If you want life to change, work not on changing your job, your friends or your surroundings but, rather, yourself. If you manage to change, during your life, just by a millimetre, you will have made good progress.

Readers say:

Do things for yourself

It sounds like you need external factors – men and work – to make you happy. Except, as you've discovered, they are transitory. You always have yourself, so learn to be happy in your own company. Start doing things that you want to do for yourself – travel, learn, keep-fit, whatever. When you start to appreciate yourself for who you are rather than in relation to others, your life will appear in less of a rut than you thought.

Karen McMullan, Ballyclare

Start taking control

You're only in a rut because you imagine that you're in a rut. It has nothing to do with where you are physically, but where you are in your head. The job that you had 10 years ago will be different to the one you go to now. As long as this is a job that you think you will enjoy, that's the main thing. Then, stop letting life just happen to you. Take control and make the life that you want, make plans, follow interests, take up hobbies. Life is too precious to waste.

Penny Joseph, Shoreham-by-sea, West Sussex

Develop a new interest

Aisling has found that relationships with men have not worked out for her. I suggest she looks at committing herself in some completely different direction for the next 12 months. She will feel rewarded for all the effort she puts in and she will know what appeals to her.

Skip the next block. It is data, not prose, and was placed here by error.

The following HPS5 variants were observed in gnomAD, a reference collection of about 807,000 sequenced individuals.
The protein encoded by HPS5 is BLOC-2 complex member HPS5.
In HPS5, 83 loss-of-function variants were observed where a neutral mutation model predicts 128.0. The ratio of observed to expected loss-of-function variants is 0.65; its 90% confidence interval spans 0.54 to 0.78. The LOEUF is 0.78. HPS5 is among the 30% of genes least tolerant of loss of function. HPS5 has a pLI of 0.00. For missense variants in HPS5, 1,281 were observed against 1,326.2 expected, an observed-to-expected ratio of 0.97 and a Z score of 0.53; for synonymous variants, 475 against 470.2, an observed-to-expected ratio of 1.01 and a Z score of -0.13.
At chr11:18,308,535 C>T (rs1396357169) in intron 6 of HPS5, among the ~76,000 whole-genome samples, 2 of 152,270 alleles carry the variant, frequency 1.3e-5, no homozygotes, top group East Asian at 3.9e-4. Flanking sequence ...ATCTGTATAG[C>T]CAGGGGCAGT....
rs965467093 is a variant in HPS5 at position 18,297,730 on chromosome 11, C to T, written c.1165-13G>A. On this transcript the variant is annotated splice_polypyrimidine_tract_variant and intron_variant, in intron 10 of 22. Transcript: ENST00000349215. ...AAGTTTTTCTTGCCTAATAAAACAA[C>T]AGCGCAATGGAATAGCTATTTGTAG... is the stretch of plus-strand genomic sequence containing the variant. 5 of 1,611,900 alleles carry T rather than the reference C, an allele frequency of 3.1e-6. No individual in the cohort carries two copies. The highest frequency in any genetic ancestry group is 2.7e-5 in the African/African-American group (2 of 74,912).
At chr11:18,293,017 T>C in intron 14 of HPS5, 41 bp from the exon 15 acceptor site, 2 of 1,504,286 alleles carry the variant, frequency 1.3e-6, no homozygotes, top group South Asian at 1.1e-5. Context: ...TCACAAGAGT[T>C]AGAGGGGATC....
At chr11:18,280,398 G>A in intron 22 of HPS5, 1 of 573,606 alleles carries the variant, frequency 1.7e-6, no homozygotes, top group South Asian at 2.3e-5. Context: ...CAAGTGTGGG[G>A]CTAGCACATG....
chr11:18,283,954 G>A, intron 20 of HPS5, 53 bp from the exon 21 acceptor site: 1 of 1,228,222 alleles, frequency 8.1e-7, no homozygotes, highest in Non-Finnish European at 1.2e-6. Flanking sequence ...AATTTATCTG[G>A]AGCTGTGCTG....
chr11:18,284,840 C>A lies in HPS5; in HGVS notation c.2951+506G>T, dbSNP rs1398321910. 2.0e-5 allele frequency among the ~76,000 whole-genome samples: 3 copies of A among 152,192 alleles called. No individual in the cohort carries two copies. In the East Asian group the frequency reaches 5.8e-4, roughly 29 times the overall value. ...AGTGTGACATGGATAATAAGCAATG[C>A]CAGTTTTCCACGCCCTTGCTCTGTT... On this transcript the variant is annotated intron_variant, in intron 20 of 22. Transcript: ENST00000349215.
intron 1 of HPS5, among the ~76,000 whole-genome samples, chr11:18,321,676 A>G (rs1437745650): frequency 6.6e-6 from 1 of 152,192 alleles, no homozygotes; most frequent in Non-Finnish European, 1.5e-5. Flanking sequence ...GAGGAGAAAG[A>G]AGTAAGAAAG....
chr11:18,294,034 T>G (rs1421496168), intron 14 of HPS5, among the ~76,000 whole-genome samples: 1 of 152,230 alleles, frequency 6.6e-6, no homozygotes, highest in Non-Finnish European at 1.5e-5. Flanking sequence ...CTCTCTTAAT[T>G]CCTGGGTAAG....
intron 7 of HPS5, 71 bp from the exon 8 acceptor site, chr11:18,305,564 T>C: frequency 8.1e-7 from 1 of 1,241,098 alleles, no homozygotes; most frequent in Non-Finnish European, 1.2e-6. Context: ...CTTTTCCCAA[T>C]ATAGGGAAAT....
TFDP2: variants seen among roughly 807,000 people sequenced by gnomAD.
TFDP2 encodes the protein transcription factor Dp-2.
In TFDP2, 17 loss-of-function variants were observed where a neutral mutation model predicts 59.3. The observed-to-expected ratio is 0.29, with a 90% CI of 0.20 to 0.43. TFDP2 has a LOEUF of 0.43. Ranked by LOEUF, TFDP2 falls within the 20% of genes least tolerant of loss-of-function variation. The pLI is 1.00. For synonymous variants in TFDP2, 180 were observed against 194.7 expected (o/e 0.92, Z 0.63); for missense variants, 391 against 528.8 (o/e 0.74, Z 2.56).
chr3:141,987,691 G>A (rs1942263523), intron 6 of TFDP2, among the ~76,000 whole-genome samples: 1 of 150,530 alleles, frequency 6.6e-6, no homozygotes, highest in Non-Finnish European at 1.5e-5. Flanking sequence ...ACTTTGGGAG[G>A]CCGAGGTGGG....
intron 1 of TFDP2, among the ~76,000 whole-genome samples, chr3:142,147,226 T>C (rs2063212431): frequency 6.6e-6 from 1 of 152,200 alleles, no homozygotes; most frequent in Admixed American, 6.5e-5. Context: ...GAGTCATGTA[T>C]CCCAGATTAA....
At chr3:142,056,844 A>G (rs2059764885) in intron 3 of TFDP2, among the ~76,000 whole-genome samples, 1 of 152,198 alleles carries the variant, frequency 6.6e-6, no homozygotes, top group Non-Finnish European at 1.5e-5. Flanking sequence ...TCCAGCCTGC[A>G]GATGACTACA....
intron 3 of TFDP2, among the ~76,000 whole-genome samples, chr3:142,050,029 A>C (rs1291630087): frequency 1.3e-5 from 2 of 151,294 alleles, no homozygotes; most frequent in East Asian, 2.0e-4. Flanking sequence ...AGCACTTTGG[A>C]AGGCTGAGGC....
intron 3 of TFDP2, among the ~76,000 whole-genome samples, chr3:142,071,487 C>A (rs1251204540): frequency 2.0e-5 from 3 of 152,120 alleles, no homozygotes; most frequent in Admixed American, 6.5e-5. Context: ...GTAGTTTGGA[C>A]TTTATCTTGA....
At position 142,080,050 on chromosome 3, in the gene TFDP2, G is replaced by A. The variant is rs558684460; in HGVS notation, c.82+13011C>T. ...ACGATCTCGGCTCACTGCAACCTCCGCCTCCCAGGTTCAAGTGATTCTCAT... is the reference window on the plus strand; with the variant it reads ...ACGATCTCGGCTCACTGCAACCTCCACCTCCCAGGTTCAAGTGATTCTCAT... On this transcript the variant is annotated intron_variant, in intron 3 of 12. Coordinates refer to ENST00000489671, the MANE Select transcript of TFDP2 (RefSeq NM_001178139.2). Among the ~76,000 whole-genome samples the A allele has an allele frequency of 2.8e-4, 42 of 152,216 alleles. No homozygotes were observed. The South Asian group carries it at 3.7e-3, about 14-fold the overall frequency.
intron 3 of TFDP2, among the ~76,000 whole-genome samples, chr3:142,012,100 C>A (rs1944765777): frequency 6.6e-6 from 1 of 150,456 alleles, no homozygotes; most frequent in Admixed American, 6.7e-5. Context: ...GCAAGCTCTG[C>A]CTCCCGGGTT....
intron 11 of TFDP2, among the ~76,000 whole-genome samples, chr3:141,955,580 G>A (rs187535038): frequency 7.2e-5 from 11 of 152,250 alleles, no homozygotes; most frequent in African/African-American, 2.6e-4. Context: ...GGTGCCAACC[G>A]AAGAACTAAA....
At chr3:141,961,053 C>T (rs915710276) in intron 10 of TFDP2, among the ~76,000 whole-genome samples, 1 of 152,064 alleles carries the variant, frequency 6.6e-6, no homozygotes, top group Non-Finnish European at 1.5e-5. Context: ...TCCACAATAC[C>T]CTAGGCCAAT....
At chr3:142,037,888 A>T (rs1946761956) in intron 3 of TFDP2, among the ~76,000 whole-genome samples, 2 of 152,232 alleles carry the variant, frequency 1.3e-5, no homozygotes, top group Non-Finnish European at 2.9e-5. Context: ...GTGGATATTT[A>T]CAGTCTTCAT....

My 35-year-old son has just announced that he wants to take up choral singing and I am delighted. Other suggestions are to learn a foreign language, take up oil painting, get an allotment or take up a sport. If she wants to work with people, Aisling could consider voluntary work.

Vaughan Clarke, Colchester, Essex

Make some plans

Plan where you want to be in five years' time – and each day do one small thing to move you towards that target. There is nothing wrong with returning to a previous employer – provided you are going back to a higher position, or with the intention of moving up. You must keep job and personal life separate.

Do not go looking for a man but rather join clubs where you will meet people of both sexes and get to know men as friends before moving on to a relationship. Take up a challenging new hobby to expand your horizons. Decide what you want and go after it.

Hazel Rea, Colchester, Essex

Audit your life

It is easy to start feeling the lack of purpose that Aisling describes. Focusing on the good things going on – relationships and jobs are not the only important things in life – can perk you up a bit, but Aisling needs to feel as if she is taking some action.

She should carry out a full audit of her life and write down all the things that bring her satisfaction, and for each, why they are satisfying. Then she should imagine that she has won the lottery. What would she do? And why? She might be able to find ways to bring those things into her life without the win. There are a lot of places she can go to try new things and meet new friends, but it would be helpful to get a sense of direction first.

Robin Hall, Havant, Hampshire